Cast & Crew
Eva Meyer, who works in a dime store for a few dollars a week, desperately needs a new pair of shoes. She must make do with what she has, however, because her father is unemployed and her mother earns just a few cents as a laundress. Finally, with no other alternative, Eva sleeps with "Cabaret" Charlie, a singer, in exchange for money to buy shoes, after which she learns that her father has found work and can now afford the small luxuries that before had been unthinkable.
Weber took her first step into the burgeoning film industry in 1908 when she was hired by American Gaumont to record songs for Phonoscenes, an early version of sound films. A few months later, her husband, a former actor named Phillips Smalley, joined her, and the two began a collaboration that would last a decade. They worked for several small production companies, including the Rex Motion Picture Company. During this period, Weber learned filmmaking by working in a variety of positions; she wrote, directed, edited, acted and designed sets and costumes.
Weber and Smalley were considered Rex's most important contributors when the company merged with Universal Film Manufacturing Company in 1912, just before filmmakers began to experiment with three- and four-reel films. Universal proved reluctant to pursue feature-length films, so Weber moved on to Bosworth, Inc. Weber's $50,000 per week salary made her the highest paid female writer-director in the business, which not only reveals her stature in the industry but also the number of women working in prominent positions behind the camera. Remarkably, all this occurred at a time when women did not yet have the right to vote.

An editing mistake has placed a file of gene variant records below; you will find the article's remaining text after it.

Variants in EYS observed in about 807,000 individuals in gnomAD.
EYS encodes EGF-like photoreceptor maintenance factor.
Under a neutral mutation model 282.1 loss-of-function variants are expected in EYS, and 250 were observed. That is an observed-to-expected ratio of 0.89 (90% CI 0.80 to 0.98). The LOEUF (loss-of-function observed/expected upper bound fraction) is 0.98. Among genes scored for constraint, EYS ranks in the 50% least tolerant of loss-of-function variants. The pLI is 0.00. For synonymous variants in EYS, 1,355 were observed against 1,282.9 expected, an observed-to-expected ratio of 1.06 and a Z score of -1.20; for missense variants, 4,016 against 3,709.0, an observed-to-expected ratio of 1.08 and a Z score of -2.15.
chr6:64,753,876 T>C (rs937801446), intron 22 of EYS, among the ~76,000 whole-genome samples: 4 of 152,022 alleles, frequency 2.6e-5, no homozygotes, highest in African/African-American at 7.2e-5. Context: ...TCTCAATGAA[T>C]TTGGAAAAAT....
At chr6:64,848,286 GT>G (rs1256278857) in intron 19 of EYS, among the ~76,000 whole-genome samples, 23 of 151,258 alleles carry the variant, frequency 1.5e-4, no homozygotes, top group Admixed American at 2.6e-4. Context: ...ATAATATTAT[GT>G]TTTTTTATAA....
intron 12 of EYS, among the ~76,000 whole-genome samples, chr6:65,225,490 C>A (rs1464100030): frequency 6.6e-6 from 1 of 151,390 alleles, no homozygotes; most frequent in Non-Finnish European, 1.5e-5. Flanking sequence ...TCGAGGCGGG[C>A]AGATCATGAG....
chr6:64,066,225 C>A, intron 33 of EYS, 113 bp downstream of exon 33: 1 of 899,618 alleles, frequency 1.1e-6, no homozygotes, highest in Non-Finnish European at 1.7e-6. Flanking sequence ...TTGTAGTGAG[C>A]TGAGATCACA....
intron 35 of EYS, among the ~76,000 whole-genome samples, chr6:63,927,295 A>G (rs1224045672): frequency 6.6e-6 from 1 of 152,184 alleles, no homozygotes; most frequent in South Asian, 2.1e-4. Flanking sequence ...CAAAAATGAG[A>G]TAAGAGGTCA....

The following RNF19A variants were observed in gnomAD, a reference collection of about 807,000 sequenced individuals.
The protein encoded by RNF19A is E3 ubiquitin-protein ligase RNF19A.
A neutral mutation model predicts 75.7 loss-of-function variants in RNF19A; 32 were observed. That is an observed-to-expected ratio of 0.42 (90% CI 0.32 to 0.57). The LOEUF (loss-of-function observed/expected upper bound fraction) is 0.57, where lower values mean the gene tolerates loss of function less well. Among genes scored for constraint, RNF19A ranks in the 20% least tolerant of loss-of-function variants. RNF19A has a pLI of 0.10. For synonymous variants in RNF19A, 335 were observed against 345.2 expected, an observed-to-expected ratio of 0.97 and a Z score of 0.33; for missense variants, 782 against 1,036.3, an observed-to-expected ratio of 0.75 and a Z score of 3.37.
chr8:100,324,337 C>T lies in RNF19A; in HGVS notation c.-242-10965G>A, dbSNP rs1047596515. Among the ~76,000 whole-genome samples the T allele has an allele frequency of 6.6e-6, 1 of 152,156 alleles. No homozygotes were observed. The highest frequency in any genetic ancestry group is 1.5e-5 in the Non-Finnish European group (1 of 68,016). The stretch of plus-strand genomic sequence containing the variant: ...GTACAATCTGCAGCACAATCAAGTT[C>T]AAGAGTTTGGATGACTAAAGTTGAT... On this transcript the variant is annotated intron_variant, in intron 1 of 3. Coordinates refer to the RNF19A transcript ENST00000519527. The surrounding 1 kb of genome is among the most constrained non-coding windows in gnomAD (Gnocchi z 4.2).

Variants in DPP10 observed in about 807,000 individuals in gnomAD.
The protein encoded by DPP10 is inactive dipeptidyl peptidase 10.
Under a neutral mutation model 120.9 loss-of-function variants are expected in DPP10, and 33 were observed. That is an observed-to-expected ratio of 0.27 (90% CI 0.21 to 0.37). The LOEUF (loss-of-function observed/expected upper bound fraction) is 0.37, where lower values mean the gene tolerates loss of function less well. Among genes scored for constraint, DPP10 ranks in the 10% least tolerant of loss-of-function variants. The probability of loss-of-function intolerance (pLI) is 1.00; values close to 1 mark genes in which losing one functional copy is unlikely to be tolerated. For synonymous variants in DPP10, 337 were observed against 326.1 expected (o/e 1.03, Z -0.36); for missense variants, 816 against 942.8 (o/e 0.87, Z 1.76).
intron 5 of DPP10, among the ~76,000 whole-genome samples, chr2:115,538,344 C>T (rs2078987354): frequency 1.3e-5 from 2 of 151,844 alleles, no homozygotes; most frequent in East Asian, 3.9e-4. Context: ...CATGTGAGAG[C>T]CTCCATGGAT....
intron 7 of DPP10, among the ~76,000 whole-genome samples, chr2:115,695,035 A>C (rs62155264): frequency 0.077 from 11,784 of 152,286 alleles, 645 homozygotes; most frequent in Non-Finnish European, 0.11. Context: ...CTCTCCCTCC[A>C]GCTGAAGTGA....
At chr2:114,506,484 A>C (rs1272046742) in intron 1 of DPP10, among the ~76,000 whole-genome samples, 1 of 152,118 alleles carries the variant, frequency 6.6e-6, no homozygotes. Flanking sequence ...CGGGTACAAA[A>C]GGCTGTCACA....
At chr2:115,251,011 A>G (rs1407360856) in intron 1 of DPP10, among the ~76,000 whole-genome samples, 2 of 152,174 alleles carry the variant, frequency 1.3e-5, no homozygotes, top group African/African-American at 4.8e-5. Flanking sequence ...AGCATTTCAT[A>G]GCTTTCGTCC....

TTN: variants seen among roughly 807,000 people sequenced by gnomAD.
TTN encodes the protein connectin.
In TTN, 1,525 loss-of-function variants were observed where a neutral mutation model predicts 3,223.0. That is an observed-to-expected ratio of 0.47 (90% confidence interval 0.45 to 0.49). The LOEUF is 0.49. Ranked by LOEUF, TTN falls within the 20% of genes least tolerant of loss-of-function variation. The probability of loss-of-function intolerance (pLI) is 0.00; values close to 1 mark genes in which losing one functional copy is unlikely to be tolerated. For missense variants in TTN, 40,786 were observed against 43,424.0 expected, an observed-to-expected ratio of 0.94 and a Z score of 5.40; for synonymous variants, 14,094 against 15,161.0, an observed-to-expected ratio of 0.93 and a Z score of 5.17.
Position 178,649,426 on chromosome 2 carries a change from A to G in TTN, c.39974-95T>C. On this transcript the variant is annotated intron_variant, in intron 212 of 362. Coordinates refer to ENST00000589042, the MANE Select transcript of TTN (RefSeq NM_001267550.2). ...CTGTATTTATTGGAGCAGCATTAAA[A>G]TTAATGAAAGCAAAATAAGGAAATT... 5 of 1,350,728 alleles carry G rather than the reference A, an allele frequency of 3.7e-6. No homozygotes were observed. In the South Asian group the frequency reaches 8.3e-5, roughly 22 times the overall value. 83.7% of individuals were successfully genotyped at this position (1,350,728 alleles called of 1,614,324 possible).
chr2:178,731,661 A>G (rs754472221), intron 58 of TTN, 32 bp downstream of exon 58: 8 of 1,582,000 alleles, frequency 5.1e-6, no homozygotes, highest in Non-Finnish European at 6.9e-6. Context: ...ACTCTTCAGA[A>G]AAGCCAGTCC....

At Bosworth in 1914, Weber shot her first major feature, Hypocrites, a four-reel allegory about the hypocrisy that occurs when people harbor desires for money, sex and power. The film was not only lauded for its social message, but it was credited with helping to legitimize film as an art form. In 1915, Weber and Smalley returned to Universal, partly because owner Carl Laemmle promised they could produce feature-length movies. By the following year, Weber was the studio's highest-paid director as well as one of its most prolific writers. She enjoyed complete creative control in all stages of production on her films.
As part of Universal's Bluebird Photoplays, Weber continued to produce movies with a social conscious, including those that touched on birth control (Where Are My Children?, 1916 and The Hand That Rocks the Cradle, 1917), capital punishment (The People vs. John Doe, 1916), and drug addiction (Hop, the Devil's Brew, 1916). Weber's dramas were considered social problem films and fit with the Progressive Movement of the early 20th century. This reform movement sought to cure the ills of American society that had developed as a result of the industrial growth of the previous century. The movement peaked just before World War I, which corresponded to Weber's richest and most prolific period of production. It was during this time that Weber wrote and directed Shoes, which opened on June 12, 1916.